Deep South Watch
The Project of Public Services of the Southern Provinces held a seminar titled Human rights during an abnormal situation at the CS Pattani Hotel in Pattani, Thailand. The Deep South Watch documented this event and recorded the opinions of two academics who gave presentations.
Human rights and security are interdependent and interrelated issues for human life. While the goal of security is to protect people’s lives and property, human rights is a significant issue that can contribute to people’s well-being. But what exactly is the boundary between the two? And importantly, in the context of the conflict and violence in Thailand’s southern border provinces, why have neither human rights nor security been fully developed?
In addressing these questions, two political scientists – Thanet Apornsuwan and Chidchanok Rahimmulla – were asked to comment on issues concerning human rights and security in the southern border provinces, most particularly in terms of the ways in which both of these two important aspects of human life can be improved in this troubled region.
“The objective of establishing human rights is to foster what democracy promises to the people: majority rule. Hence, if we are going to talk about promoting human rights, what we must do is give power to the majority.”
Associate Professor Thanet Apornsuwan
Director of South East Asian Studies, Faculty of Arts, Thammasat University
I was trying to think of what an abnormal situation is, most especially in terms of a political system. Based on my understanding, a normal state – that is a normal government -- is when a government, or any kind of system for that matter, operates in the same way that an engine generates itself and continues once it is started. A driver (or in the case of a government, a politician) then just follows and operates its system.
If such a system could be understood as a normal state, then an abnormal state would be its opposite. For an abnormal state, a government would not operate in the manner in which it should. Instead, an outside tool would be used keep it in operation. But this outside tool would operate in a way that interferes with what could be considered a normal mode of operation. In other words, this kind of abnormal government would not operate in accordance with the jurisdiction in which a state must have to effectively operate. Under such abnormal circumstances, other countries would most likely not accept the existence of this government. Moreover, this abnormal government’s legal system would not have been written according to the will of the majority, further negating its credibility in the eyes of other countries.
If a state experiences an abnormal situation, then the society’s rules and laws will be affected. People in contemporary states with relatively effective governments can live together somewhat peacefully because they have a general understanding of one another as well as the law. Based on my experience, I have noticed that when people are relatively content and happy they generally understand and tolerate others.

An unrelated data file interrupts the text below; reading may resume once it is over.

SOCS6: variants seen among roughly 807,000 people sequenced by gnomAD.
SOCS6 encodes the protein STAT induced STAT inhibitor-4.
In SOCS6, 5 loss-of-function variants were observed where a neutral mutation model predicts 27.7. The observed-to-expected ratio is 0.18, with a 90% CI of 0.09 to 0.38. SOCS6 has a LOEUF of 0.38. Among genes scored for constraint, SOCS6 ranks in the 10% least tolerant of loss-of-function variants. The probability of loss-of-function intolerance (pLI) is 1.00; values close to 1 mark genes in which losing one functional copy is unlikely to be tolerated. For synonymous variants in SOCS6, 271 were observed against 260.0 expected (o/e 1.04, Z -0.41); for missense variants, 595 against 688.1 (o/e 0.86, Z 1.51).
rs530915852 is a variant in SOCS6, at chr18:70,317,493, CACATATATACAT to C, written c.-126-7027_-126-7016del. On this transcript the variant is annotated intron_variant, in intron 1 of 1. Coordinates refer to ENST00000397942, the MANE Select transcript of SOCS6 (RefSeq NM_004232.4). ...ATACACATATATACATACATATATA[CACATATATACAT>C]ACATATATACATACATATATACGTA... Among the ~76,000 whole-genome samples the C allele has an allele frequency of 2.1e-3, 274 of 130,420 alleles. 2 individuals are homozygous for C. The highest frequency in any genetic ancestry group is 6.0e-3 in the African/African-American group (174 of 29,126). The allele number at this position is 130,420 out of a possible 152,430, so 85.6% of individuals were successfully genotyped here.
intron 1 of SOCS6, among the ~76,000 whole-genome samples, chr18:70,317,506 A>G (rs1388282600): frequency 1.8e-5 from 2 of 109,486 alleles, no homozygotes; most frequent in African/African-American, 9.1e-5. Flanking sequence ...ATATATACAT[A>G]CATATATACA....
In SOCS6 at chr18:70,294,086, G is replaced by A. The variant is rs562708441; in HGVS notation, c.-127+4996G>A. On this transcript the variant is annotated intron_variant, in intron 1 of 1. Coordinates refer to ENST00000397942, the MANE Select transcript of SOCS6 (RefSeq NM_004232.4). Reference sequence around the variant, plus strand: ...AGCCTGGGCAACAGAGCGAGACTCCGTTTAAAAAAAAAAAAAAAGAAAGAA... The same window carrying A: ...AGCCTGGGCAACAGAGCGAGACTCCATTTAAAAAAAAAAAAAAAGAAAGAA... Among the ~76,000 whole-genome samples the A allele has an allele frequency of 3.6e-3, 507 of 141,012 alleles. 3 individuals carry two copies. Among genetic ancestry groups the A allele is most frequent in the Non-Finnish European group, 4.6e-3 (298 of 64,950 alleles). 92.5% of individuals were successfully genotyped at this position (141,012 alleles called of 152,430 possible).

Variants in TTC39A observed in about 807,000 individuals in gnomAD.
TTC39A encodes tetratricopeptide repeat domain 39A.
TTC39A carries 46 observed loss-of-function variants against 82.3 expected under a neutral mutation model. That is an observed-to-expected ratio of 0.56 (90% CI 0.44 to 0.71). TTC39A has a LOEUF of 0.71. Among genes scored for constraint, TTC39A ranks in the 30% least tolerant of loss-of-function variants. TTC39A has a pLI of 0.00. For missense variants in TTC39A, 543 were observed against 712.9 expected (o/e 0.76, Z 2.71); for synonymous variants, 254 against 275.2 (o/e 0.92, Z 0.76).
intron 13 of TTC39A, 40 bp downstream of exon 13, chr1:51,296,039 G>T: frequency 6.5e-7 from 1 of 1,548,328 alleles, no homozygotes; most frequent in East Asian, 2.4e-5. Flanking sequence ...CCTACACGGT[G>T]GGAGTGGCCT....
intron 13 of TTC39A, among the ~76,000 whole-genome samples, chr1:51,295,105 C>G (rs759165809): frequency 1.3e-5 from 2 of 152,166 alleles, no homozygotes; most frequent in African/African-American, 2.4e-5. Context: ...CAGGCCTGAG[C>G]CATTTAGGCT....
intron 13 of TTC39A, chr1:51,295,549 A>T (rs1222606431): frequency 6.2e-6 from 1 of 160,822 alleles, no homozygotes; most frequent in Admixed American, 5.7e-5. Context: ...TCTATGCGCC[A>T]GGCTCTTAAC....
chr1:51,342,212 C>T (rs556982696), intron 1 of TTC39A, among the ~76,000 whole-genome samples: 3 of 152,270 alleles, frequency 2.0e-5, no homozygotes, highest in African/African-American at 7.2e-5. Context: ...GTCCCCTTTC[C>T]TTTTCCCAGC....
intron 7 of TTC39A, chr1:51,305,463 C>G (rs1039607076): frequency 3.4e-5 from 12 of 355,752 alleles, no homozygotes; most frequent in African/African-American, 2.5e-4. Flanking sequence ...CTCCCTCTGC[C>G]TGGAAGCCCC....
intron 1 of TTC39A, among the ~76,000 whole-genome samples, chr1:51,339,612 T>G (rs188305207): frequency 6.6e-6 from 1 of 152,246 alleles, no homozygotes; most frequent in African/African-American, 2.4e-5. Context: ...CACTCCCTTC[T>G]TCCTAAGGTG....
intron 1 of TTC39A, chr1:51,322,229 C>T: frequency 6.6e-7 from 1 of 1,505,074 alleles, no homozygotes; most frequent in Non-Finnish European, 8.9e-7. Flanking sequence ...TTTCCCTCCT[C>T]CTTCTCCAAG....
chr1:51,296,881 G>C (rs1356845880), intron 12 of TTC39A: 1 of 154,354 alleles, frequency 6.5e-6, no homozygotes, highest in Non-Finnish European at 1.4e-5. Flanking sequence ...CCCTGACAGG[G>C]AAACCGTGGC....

This may not necessarily mean that there is persistent conflict in traditional or less developed states. But in terms of the problem of human rights problem in traditional states, those individuals or groups in power can exercise authority in ways that may indeed undermine human rights. In some cases, this may be done to acquire material benefits. In others it may be done to simply maintain political power.
One reason why power holders in traditional states may be able to violate human rights is because the majority of the population cannot rely on a democratic system. Nevertheless, it is still possible (though not necessarily likely) that even the majority of the population can receive some benefits so long as the ruler or rulers are fair and benevolent.
However, if a country with a traditional form of governance makes the transition to democracy, ideas and attitudes also change. Under a democratic system of governance, power belongs to the majority of the people, which stands in sharp contrast with many traditional, pre-modern states when power rests in the hands of a single ruler or powerful elite. People in democratic states expect to have a larger role in the political arena.
But when a traditional, pre-modern state is making a transition to a contemporary form of democratic governance, many people in its territory are accustomed to the traditional culture and political authority. Under these circumstances, the transition to democracy can be difficult and protracted, in large part because the traditional rulers do not want to have their power undermined by new challengers such as the majority.
Hence, what some people are asking for at the moment in Thailand is seen as a challenge to the power of the traditional ruling elite who have historically governed the country.
However, if one takes a look at the United States, one can notice significant contrasts with Thailand. In the United States, the kind of a traditional political power structure that has been present in Thailand has never existed ever since the United State’s first and only constitution was promulgated more than 200 years ago. To be sure, the country has had inequality, but the United States has not had such sharp class divisions by comparison. This probably has resulted in part from the country’s early immigrants, who wished for sovereignty.